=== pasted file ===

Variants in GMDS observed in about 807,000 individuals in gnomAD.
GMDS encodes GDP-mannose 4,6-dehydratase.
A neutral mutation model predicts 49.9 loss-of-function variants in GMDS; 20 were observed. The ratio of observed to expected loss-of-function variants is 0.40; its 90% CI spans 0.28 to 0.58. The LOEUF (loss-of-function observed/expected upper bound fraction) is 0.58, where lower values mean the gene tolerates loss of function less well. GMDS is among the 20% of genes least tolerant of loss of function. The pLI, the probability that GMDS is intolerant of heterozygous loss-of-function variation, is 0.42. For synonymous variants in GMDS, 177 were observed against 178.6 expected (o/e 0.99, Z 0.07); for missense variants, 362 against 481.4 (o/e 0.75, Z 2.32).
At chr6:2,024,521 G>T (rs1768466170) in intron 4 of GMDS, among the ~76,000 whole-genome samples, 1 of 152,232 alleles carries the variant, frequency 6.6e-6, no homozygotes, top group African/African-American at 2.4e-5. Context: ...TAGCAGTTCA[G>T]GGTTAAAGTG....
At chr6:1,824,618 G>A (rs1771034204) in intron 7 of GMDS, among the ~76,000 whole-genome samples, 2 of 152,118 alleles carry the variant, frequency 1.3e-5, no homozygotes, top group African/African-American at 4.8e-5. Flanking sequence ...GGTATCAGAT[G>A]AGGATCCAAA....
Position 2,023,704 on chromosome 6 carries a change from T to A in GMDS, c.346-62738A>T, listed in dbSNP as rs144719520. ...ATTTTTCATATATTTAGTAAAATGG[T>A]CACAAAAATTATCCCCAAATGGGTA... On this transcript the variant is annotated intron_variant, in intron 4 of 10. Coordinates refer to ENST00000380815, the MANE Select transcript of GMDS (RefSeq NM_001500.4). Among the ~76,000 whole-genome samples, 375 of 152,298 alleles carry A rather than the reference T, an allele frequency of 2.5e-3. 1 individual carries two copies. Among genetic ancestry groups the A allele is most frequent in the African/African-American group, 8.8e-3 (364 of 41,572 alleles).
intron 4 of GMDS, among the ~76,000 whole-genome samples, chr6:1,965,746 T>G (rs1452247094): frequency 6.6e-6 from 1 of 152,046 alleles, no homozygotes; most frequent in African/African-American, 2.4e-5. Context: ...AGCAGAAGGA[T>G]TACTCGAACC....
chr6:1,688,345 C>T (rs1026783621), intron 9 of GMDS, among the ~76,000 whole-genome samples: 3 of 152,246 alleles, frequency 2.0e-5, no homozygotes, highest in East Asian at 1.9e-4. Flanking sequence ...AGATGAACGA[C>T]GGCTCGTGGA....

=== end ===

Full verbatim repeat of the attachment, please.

Variants in GMDS observed in about 807,000 individuals in gnomAD.
GMDS encodes GDP-mannose 4,6-dehydratase.
A neutral mutation model predicts 49.9 loss-of-function variants in GMDS; 20 were observed. The ratio of observed to expected loss-of-function variants is 0.40; its 90% CI spans 0.28 to 0.58. The LOEUF (loss-of-function observed/expected upper bound fraction) is 0.58, where lower values mean the gene tolerates loss of function less well. GMDS is among the 20% of genes least tolerant of loss of function. The pLI, the probability that GMDS is intolerant of heterozygous loss-of-function variation, is 0.42. For synonymous variants in GMDS, 177 were observed against 178.6 expected (o/e 0.99, Z 0.07); for missense variants, 362 against 481.4 (o/e 0.75, Z 2.32).
At chr6:2,024,521 G>T (rs1768466170) in intron 4 of GMDS, among the ~76,000 whole-genome samples, 1 of 152,232 alleles carries the variant, frequency 6.6e-6, no homozygotes, top group African/African-American at 2.4e-5. Context: ...TAGCAGTTCA[G>T]GGTTAAAGTG....
At chr6:1,824,618 G>A (rs1771034204) in intron 7 of GMDS, among the ~76,000 whole-genome samples, 2 of 152,118 alleles carry the variant, frequency 1.3e-5, no homozygotes, top group African/African-American at 4.8e-5. Flanking sequence ...GGTATCAGAT[G>A]AGGATCCAAA....
Position 2,023,704 on chromosome 6 carries a change from T to A in GMDS, c.346-62738A>T, listed in dbSNP as rs144719520. ...ATTTTTCATATATTTAGTAAAATGG[T>A]CACAAAAATTATCCCCAAATGGGTA... On this transcript the variant is annotated intron_variant, in intron 4 of 10. Coordinates refer to ENST00000380815, the MANE Select transcript of GMDS (RefSeq NM_001500.4). Among the ~76,000 whole-genome samples, 375 of 152,298 alleles carry A rather than the reference T, an allele frequency of 2.5e-3. 1 individual carries two copies. Among genetic ancestry groups the A allele is most frequent in the African/African-American group, 8.8e-3 (364 of 41,572 alleles).
intron 4 of GMDS, among the ~76,000 whole-genome samples, chr6:1,965,746 T>G (rs1452247094): frequency 6.6e-6 from 1 of 152,046 alleles, no homozygotes; most frequent in African/African-American, 2.4e-5. Context: ...AGCAGAAGGA[T>G]TACTCGAACC....
chr6:1,688,345 C>T (rs1026783621), intron 9 of GMDS, among the ~76,000 whole-genome samples: 3 of 152,246 alleles, frequency 2.0e-5, no homozygotes, highest in East Asian at 1.9e-4. Flanking sequence ...AGATGAACGA[C>T]GGCTCGTGGA....